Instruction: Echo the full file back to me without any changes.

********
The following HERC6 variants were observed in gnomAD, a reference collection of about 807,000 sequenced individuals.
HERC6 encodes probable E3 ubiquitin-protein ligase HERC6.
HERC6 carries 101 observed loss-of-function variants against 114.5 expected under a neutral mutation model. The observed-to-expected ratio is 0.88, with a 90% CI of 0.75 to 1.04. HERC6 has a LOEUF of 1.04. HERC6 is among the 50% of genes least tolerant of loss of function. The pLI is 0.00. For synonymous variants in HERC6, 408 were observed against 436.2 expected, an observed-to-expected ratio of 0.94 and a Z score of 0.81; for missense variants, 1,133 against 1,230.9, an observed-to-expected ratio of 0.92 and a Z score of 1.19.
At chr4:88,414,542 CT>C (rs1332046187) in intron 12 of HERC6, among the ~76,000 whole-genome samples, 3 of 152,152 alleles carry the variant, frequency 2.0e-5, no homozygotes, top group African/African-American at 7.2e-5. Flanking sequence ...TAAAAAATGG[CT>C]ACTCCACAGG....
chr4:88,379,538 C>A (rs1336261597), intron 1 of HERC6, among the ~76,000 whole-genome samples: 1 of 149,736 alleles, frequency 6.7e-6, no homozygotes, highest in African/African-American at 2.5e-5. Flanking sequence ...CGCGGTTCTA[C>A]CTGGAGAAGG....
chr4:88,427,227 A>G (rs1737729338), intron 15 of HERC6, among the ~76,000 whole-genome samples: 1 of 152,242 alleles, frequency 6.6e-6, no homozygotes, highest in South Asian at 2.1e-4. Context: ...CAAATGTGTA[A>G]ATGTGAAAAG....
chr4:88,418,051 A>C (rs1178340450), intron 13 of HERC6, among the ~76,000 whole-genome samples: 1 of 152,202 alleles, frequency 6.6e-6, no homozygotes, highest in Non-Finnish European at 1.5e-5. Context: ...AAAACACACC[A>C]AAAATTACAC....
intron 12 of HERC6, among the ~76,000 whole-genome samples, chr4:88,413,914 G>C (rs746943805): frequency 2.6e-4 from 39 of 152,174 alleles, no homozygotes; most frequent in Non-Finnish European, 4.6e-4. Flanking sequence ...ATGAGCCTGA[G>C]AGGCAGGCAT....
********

The following HERC6 variants were observed in gnomAD, a reference collection of about 807,000 sequenced individuals.
HERC6 encodes probable E3 ubiquitin-protein ligase HERC6.
HERC6 carries 101 observed loss-of-function variants against 114.5 expected under a neutral mutation model. The observed-to-expected ratio is 0.88, with a 90% CI of 0.75 to 1.04. HERC6 has a LOEUF of 1.04. HERC6 is among the 50% of genes least tolerant of loss of function. The pLI is 0.00. For synonymous variants in HERC6, 408 were observed against 436.2 expected, an observed-to-expected ratio of 0.94 and a Z score of 0.81; for missense variants, 1,133 against 1,230.9, an observed-to-expected ratio of 0.92 and a Z score of 1.19.
At chr4:88,414,542 CT>C (rs1332046187) in intron 12 of HERC6, among the ~76,000 whole-genome samples, 3 of 152,152 alleles carry the variant, frequency 2.0e-5, no homozygotes, top group African/African-American at 7.2e-5. Flanking sequence ...TAAAAAATGG[CT>C]ACTCCACAGG....
chr4:88,379,538 C>A (rs1336261597), intron 1 of HERC6, among the ~76,000 whole-genome samples: 1 of 149,736 alleles, frequency 6.7e-6, no homozygotes, highest in African/African-American at 2.5e-5. Flanking sequence ...CGCGGTTCTA[C>A]CTGGAGAAGG....
chr4:88,427,227 A>G (rs1737729338), intron 15 of HERC6, among the ~76,000 whole-genome samples: 1 of 152,242 alleles, frequency 6.6e-6, no homozygotes, highest in South Asian at 2.1e-4. Context: ...CAAATGTGTA[A>G]ATGTGAAAAG....
chr4:88,418,051 A>C (rs1178340450), intron 13 of HERC6, among the ~76,000 whole-genome samples: 1 of 152,202 alleles, frequency 6.6e-6, no homozygotes, highest in Non-Finnish European at 1.5e-5. Context: ...AAAACACACC[A>C]AAAATTACAC....
intron 12 of HERC6, among the ~76,000 whole-genome samples, chr4:88,413,914 G>C (rs746943805): frequency 2.6e-4 from 39 of 152,174 alleles, no homozygotes; most frequent in Non-Finnish European, 4.6e-4. Flanking sequence ...ATGAGCCTGA[G>C]AGGCAGGCAT....